BioLogical Capital BLC Jump to: navigation, search Name: BioLogical Capital (BLC) Place: Denver, Colorado Zip: 80202 Product: Denver Colorado-based group focusing on generating...

  6. Ringleader: Jay Nix, Beamline Director for the Molecular Biology...

    Broader source: All U.S. Department of Energy (DOE) Office Webpages (Extended Search)

    Jay Nix, Beamline Director for the Molecular Biology Consortium Print Jay Nix started started the user program at Beamline 4.2.2 back in 2004, shortly after the Molecular Biology ...

  7. Biological Imaging by Soft X-Ray Diffraction Microscopy

    Broader source: All U.S. Department of Energy (DOE) Office Webpages (Extended Search)

    Biological Imaging by Soft X-Ray Diffraction Microscopy Biological Imaging by Soft X-Ray Diffraction Microscopy Print Wednesday, 30 November 2005 00:00 Electron and x-ray...

  8. 6th Annual Systems Biology Symposium: Systems Biology and the Environment

    SciTech Connect (OSTI)

    Galitski, Timothy, P.

    2007-04-01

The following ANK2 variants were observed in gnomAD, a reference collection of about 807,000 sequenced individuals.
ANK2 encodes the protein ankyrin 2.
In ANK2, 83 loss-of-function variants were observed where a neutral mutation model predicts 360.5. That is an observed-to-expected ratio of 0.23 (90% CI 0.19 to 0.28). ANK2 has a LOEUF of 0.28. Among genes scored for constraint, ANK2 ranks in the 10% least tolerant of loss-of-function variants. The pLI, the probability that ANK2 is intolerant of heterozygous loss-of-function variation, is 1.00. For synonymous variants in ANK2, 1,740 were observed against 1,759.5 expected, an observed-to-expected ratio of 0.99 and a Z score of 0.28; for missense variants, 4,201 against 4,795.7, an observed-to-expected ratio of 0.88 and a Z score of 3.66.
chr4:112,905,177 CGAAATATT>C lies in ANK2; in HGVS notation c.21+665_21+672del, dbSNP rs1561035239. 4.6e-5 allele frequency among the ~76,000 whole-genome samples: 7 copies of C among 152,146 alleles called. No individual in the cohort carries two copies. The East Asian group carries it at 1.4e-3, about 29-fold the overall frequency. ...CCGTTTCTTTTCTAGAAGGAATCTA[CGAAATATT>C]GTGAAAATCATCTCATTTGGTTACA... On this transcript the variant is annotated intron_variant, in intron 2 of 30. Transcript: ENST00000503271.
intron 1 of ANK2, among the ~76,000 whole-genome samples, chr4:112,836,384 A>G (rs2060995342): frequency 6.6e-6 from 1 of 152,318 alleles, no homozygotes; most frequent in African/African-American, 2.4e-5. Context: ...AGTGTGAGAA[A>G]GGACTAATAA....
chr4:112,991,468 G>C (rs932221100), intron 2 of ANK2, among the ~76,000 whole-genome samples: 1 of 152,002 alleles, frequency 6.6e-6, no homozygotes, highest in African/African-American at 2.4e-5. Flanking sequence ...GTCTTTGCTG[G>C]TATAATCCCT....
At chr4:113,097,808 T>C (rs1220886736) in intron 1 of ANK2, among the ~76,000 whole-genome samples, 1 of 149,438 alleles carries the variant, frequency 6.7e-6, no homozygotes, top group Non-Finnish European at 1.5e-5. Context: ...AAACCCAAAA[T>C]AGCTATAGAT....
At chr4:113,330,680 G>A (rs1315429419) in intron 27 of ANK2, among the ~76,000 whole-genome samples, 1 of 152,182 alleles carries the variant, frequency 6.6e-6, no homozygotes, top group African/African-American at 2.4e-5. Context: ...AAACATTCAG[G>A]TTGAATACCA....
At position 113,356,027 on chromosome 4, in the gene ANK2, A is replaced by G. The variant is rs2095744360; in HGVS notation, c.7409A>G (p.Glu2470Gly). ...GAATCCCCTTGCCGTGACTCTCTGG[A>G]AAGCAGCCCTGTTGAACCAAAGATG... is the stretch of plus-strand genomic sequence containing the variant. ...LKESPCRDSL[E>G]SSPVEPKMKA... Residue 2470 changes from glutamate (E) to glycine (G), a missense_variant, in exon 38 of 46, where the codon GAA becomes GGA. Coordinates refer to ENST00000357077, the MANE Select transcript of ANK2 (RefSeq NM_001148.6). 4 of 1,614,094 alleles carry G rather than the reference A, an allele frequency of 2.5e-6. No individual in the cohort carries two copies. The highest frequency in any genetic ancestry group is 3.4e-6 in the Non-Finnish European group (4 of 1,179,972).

Systems biology recognizes the complex multi-scale organization of biological systems, from molecules to ecosystems. The International Symposium on Systems Biology is an annual two-day event gathering the most influential researchers transforming biology into an integrative discipline investigating complex systems. In recognition of the fundamental similarity between the scientific problems addressed in environmental science and systems biology studies at the molecular, cellular, and organismal levels, the 2007 Symposium featured global leaders in “Systems Biology and the Environment.” The objective of the 2007 “Systems Biology and the Environment” International Symposium was to stimulate interdisciplinary thinking and research that spans systems biology and environmental science. This Symposium was well aligned with the DOE’s Genomics:GTL program efforts to achieve scientific objectives for each of the three DOE missions: • Develop biofuels as a major secure energy source for this century, • Develop biological solutions for intractable environmental problems, and • Understand biosystems’ climate impacts and assess sequestration strategies Our scientific program highlighted world-class research exemplifying these priorities. The Symposium featured 45 minute lectures from 12 researchers including: Penny/Sallie Chisholm of MIT gave the keynote address “Tiny Cells, Global Impact: What Prochlorococcus Can Teach Us About Systems Biology”, plus Jim Fredrickson of PNNL, Nitin Baliga of ISB, Steve Briggs of UCSD, David Cox of Perlegen Sciences, Antoine Danchin of Institut Pasteur, John Delaney of the U of Washington, John Groopman of Johns Hopkins, Ben Kerr of the U of Washington, Steve Koonin of BP, Elliott Meyerowitz of Caltech, and Ed Rubin of LBNL. The 2007 Symposium promoted DOE’s three mission areas among scientists from multiple disciplines representing academia, non-profit research institutions, and the private sector. As in all previous